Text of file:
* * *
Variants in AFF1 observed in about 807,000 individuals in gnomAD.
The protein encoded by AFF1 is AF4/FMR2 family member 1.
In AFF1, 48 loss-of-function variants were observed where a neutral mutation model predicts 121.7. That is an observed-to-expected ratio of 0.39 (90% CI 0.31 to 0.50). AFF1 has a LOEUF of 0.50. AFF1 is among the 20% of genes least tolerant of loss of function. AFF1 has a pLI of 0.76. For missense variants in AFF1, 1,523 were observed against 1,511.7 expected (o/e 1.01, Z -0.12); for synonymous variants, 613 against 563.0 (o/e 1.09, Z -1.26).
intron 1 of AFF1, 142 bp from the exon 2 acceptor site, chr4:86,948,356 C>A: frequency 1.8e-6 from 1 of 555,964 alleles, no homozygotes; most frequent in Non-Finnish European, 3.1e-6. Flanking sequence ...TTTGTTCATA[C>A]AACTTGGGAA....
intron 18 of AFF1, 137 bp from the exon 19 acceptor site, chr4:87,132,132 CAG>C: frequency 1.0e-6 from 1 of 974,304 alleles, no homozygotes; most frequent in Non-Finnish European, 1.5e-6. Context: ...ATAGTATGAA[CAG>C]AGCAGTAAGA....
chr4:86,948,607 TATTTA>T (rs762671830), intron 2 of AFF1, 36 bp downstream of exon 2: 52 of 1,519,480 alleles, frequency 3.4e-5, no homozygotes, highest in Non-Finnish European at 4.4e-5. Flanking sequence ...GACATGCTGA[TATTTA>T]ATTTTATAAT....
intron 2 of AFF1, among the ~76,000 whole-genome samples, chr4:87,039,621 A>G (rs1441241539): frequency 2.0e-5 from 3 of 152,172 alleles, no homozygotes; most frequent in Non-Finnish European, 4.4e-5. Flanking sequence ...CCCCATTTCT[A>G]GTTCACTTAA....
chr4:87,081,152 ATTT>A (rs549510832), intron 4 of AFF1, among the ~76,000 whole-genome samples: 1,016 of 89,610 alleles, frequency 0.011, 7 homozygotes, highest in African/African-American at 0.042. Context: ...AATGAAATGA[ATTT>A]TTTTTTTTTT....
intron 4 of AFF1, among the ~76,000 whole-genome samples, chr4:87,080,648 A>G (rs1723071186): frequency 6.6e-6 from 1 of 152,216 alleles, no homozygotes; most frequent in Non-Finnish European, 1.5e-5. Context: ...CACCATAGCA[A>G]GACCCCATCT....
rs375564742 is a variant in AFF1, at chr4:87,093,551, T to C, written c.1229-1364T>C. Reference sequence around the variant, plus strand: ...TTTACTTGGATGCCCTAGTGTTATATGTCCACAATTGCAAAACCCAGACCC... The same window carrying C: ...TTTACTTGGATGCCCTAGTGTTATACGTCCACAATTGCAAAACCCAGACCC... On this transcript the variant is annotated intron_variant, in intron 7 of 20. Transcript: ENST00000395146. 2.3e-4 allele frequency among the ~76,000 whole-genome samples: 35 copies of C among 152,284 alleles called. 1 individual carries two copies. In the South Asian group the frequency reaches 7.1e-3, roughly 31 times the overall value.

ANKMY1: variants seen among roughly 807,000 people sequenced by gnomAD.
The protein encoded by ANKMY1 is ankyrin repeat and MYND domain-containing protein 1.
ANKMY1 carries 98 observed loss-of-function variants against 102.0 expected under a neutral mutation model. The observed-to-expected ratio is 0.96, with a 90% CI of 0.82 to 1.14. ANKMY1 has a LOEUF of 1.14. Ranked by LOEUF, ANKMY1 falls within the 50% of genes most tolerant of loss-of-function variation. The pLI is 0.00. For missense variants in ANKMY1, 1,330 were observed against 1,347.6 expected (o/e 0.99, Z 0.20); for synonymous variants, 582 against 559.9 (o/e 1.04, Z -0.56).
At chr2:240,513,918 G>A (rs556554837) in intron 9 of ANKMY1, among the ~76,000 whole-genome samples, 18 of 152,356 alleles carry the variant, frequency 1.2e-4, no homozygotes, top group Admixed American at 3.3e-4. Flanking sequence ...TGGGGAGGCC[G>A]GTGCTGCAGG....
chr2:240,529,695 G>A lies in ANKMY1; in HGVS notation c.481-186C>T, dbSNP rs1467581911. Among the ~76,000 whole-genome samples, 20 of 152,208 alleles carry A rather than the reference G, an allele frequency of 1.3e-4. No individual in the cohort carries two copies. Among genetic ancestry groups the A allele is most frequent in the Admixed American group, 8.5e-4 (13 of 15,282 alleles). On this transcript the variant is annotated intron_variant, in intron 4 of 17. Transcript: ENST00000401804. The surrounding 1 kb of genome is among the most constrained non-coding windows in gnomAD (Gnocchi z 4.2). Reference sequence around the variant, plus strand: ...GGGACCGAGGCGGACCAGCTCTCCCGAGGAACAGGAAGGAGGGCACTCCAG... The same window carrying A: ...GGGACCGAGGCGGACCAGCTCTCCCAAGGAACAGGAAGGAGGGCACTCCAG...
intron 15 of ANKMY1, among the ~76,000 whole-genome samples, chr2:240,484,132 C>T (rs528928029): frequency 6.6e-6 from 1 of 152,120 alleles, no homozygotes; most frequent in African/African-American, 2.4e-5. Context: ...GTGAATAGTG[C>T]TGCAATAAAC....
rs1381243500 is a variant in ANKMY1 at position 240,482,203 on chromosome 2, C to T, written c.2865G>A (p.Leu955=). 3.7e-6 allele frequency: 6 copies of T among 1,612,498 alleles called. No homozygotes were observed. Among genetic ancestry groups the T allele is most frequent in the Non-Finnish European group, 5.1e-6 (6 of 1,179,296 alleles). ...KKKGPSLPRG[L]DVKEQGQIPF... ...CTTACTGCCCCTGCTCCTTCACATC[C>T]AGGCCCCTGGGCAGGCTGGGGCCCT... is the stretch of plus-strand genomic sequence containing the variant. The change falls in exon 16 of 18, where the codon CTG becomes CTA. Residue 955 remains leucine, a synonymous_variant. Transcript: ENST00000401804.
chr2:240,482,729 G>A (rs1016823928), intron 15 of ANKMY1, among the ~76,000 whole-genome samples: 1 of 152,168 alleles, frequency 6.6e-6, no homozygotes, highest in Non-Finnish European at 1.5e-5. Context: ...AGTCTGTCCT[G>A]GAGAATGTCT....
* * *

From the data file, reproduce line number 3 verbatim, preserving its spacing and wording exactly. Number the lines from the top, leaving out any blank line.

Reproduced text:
In AFF1, 48 loss-of-function variants were observed where a neutral mutation model predicts 121.7. That is an observed-to-expected ratio of 0.39 (90% CI 0.31 to 0.50). AFF1 has a LOEUF of 0.50. AFF1 is among the 20% of genes least tolerant of loss of function. AFF1 has a pLI of 0.76. For missense variants in AFF1, 1,523 were observed against 1,511.7 expected (o/e 1.01, Z -0.12); for synonymous variants, 613 against 563.0 (o/e 1.09, Z -1.26).